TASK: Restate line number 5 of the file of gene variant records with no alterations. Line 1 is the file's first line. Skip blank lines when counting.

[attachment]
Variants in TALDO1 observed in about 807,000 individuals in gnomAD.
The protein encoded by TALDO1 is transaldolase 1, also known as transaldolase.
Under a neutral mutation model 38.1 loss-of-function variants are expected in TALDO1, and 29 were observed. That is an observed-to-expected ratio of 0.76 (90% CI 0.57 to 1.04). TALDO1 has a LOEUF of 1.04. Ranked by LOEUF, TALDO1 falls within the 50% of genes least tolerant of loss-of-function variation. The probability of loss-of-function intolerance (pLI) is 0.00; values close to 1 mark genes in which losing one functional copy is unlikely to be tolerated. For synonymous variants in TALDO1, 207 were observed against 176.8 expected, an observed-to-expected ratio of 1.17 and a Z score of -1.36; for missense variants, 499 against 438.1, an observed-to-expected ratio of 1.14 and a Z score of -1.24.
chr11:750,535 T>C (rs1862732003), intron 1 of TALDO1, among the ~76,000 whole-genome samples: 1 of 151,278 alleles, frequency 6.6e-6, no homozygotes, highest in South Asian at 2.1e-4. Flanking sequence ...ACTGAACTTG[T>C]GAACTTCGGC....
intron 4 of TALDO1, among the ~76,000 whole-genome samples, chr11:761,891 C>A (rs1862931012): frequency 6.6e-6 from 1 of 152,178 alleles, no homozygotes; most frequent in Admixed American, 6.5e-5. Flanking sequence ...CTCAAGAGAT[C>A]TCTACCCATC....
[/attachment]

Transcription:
intron 4 of TALDO1, among the ~76,000 whole-genome samples, chr11:761,891 C>A (rs1862931012): frequency 6.6e-6 from 1 of 152,178 alleles, no homozygotes; most frequent in Admixed American, 6.5e-5. Flanking sequence ...CTCAAGAGAT[C>A]TCTACCCATC....